Hunter Horsley: Think about blockchain technology like a database. You have a spreadsheet, and it holds information. That’s mostly what a blockchain is; it’s an append-only database. And there are some advantages to an append-only database—you don’t remove old records. If you imagine an Excel spreadsheet, instead of changing a value in a cell, you would just put information into the cell next to the cell that you want to change.

There are private blockchains and public blockchains. The distinction is a little like the distinction between the Encyclopedia Britannica and Wikipedia. They’re both databases of information, but the Wikipedia database is updated by a group of people around the world who don’t work for Wikipedia and don’t contract with Wikipedia. Anyone can offer something up, and there is a set of rules and a system for filtering that information.

Private blockchains are ones in which there’s a limited set of individuals who can participate, and it’s not so different from whatever database your firm uses today.

Work is being done in both these areas. IBM is working with 63 companies to try to implement private blockchains. Bitcoin and 2,000 other cryptocurrencies are attempting to coordinate people around a common (public) database who don’t work for each other, may not know one another, and don’t have contracts in place.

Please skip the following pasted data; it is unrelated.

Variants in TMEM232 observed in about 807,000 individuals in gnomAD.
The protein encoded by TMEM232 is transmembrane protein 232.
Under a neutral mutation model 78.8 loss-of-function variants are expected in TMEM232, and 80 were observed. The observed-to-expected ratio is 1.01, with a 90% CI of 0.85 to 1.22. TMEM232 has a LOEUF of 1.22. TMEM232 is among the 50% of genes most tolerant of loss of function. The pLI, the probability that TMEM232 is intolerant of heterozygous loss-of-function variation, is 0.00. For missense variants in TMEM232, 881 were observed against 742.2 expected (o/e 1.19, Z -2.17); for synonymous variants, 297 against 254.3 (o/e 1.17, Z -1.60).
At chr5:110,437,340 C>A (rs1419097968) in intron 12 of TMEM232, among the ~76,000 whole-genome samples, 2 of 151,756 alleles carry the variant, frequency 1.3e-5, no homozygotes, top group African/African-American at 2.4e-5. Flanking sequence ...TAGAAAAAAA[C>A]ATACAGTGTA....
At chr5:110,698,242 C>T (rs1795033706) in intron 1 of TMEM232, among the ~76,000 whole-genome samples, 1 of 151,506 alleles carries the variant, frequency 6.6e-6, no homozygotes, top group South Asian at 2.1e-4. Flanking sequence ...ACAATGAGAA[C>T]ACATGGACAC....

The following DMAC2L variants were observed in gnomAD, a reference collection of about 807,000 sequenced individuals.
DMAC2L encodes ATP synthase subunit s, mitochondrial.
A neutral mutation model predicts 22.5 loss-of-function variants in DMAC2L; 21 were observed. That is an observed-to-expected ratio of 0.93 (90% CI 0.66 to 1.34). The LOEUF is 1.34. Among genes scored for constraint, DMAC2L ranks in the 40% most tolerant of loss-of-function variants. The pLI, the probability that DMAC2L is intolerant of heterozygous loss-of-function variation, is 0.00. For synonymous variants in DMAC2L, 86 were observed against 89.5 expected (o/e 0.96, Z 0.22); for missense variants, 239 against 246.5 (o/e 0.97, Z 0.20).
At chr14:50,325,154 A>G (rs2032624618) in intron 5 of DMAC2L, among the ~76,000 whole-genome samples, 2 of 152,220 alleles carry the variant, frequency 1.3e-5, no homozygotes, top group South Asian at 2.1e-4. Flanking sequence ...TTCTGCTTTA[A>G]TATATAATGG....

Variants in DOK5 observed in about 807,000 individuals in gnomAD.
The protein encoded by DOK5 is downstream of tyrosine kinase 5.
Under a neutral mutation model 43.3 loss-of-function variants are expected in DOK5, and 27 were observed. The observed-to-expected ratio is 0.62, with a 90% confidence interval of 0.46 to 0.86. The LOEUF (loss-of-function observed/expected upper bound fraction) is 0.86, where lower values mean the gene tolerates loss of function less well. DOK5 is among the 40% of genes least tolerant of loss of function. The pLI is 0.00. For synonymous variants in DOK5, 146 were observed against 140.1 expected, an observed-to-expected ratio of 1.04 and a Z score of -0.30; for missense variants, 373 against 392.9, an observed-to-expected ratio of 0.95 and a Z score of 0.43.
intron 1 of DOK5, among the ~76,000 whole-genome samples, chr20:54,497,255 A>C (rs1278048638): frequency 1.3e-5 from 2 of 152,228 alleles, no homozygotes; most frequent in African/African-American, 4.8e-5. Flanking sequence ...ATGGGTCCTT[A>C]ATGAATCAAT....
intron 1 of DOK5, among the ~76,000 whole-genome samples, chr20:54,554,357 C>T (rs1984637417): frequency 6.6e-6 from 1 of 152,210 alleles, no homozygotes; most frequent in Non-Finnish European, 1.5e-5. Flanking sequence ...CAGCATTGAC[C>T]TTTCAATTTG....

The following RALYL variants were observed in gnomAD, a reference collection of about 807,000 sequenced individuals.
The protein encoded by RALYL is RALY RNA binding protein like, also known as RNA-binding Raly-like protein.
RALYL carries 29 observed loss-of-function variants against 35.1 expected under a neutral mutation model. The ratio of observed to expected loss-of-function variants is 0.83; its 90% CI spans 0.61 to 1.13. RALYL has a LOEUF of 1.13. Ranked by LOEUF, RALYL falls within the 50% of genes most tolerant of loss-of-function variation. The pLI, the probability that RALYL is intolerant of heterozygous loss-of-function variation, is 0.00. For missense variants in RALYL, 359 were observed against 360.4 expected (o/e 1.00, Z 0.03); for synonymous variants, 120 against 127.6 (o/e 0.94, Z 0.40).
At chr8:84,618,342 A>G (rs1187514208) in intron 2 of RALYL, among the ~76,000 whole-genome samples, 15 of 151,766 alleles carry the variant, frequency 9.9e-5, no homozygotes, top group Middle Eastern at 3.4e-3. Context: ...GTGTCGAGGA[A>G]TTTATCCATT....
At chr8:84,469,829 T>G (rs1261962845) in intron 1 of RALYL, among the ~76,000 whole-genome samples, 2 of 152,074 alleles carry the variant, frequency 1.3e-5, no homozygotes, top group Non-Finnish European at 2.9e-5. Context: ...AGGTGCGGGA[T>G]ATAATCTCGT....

Q: What is the difference between cryptocurrencies?

Bill Cunningham: Let’s take two of the biggest and well-known cryptocurrencies: Bitcoin and Ethereum. The difference is, there are certain things you can do on the Ethereum blockchain that you can’t do on the Bitcoin blockchain. For instance, smart contracts. You could have certain if/then statements that are embedded into each transaction, each block, each part of the Ethereum blockchain, and you can’t quite do that with Bitcoin.

Then you’ve got Ripple, which has some other characteristics; and then you have Litecoin, which has some other characteristics. There are about 2,000 cryptocurrencies. They all have little differences in their capabilities, but they all come from a common understanding, a common technology, a common platform, and that’s blockchain.

The Security

Q: How secure is Bitcoin’s blockchain technology?

Bill Cunningham: When Satoshi came up with this idea, he understood that security was going to be a key issue. So, to make it as secure as possible, for every part of the record that you attach to this blockchain open ledger, you add what’s called a “hash,” which is a cryptographically created key that you need in order to read that line of the database. It cements it in place. It says: this data came in on this day, at this time, from this source. In that way, you enhance the security.1